According to a recent Kaiser poll on economic problems facing Americans, 7% of respondents report that they or someone in their household tied the knot last year so they could get their spouse’s health benefits.* Apparently couples teetering on the edge – are we really ready for marriage? – have one more financial factor nudging them towards the big commitment.
Can’t you imagine the romantic how-I-met-your-mother stories? “She had me at ‘full medical and dental.’” Could a health insurance version of the movie “Green Card” be far behind? Raffish copywriter ( James MacAvoy ) marries responsible advertising exec ( Natalie Portman ) for her benefits – and then they fall in love! But their safe haven of subsidized healthcare is threatened when an HR exec ( Allison Janey ) starts asking too many questions.
All joking aside, I wonder what this means for contemporary marriage. Pooling resources through marriage sounds sensible. We already have to worry about the rising costs of food, fuel, and housing. High medical costs are bankrupting people all over the country. That financial ball-and-chain sounds a lot scarier to many than the emotional ball-and-chain of marriage.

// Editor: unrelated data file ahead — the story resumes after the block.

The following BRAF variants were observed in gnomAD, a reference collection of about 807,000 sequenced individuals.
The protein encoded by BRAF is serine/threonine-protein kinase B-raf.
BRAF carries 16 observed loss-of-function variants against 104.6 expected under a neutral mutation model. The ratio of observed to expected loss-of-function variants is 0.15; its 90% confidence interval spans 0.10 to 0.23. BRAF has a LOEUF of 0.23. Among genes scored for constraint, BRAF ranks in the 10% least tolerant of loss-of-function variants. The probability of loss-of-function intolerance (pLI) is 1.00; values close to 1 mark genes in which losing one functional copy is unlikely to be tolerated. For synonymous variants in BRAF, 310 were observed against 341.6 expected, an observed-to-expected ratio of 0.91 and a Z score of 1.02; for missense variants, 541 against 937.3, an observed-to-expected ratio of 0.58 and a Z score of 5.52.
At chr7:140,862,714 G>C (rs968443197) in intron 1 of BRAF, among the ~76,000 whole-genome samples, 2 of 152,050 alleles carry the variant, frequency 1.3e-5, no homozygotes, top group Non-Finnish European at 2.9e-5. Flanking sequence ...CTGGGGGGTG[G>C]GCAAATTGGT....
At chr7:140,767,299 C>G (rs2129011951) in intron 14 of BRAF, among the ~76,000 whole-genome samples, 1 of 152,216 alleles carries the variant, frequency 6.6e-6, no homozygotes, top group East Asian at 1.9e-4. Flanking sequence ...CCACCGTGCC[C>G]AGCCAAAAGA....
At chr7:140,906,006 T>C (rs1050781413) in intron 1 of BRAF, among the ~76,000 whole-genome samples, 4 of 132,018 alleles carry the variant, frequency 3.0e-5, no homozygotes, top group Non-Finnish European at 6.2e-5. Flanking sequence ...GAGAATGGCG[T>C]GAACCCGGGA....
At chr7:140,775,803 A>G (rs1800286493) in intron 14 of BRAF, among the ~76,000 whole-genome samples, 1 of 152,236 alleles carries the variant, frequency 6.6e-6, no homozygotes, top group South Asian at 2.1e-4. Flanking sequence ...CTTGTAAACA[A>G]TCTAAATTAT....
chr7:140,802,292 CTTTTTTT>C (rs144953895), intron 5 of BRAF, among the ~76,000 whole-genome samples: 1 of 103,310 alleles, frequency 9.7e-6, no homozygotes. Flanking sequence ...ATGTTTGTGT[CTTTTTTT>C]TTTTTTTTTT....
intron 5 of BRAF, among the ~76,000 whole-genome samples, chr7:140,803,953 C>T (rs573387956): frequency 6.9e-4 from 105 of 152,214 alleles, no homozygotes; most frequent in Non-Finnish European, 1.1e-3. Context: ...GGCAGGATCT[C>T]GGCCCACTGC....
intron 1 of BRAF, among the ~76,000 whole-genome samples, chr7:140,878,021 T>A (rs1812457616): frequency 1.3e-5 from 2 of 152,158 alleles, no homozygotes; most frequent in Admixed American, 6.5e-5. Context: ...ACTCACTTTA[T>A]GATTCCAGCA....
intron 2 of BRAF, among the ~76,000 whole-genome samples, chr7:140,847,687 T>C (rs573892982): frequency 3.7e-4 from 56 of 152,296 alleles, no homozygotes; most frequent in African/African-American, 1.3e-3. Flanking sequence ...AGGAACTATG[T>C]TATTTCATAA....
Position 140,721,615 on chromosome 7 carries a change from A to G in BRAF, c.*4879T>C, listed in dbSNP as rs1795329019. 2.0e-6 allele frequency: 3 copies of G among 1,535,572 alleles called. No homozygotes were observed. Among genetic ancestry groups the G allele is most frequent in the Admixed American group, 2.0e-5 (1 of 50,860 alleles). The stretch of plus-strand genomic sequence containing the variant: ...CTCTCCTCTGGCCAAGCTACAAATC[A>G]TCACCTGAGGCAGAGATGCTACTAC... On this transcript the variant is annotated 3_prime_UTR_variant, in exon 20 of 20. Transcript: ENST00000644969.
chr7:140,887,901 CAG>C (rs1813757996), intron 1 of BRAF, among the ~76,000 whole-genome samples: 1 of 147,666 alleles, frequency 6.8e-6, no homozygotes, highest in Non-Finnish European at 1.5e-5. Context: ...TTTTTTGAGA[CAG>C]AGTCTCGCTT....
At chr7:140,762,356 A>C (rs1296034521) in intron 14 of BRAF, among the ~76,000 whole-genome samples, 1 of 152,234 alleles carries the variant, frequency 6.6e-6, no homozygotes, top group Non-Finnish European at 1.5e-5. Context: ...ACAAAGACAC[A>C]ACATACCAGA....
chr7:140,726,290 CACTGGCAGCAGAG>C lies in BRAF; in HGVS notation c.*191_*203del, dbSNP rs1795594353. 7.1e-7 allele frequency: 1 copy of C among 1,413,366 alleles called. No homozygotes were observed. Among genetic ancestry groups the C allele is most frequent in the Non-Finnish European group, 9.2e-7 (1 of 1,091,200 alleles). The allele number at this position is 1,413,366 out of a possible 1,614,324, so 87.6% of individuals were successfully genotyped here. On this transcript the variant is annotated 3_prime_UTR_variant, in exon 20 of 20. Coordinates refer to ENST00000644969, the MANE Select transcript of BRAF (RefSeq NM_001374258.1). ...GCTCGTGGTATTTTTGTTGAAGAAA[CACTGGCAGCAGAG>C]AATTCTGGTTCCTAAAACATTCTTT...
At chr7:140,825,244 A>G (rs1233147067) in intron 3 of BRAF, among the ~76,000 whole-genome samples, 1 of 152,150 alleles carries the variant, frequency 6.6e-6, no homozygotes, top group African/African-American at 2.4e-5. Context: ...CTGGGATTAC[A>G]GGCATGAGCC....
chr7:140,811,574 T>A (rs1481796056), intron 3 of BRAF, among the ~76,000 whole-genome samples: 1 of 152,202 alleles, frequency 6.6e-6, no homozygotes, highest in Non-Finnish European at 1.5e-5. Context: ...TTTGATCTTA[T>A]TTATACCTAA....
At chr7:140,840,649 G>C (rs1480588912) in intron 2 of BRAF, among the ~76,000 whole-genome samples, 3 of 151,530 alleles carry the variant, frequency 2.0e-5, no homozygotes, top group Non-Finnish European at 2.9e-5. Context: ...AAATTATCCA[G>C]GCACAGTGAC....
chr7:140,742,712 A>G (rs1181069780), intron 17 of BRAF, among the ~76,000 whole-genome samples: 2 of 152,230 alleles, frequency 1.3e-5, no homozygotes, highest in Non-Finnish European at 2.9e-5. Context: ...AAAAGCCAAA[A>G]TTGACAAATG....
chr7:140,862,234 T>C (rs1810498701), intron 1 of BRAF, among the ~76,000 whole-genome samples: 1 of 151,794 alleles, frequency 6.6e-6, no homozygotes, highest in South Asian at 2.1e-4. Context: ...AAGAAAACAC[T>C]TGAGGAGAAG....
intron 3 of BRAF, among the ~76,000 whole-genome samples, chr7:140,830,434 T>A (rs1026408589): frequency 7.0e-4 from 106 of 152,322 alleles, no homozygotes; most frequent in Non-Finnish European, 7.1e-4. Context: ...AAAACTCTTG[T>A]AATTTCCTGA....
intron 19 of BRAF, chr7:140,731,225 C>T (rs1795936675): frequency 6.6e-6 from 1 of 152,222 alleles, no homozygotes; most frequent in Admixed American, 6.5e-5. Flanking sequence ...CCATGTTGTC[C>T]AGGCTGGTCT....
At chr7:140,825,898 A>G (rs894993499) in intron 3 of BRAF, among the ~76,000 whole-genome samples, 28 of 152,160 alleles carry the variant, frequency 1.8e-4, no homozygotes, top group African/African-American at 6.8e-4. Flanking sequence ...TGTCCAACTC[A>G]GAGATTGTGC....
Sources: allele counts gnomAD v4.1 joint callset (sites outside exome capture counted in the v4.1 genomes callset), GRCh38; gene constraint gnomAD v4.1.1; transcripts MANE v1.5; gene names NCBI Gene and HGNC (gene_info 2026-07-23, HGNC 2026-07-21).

After all, I think we can safely assume that the majority of these couples love each other.
But with divorce rates being what they are, is the high cost of healthcare and the dearth of affordable insurance options placing too much pressure on relationships? The same financial pressures bringing these people together are exactly what can tear them apart. We all know what couples argue about most – money! And just because a married couple shares health insurance benefits doesn’t mean they’re completely sheltered from high medical costs – or, for that matter, other high expenses.
Then you add kids to the plot – hey, once you’re married you might as well – and the financial pressures continue to mount.
According to an election-related Kaiser poll, independent candidates would prefer the next president to deal with high medical costs before expanding health coverage. It sounds like marrying for health coverage is just a band-aid for a much larger problem, one we all feel increasingly powerless to solve. But marriage? Two people negotiating a relationship and household in this complex world… that’s a challenge the average person can handle. Me, I’m just glad I have my own health coverage.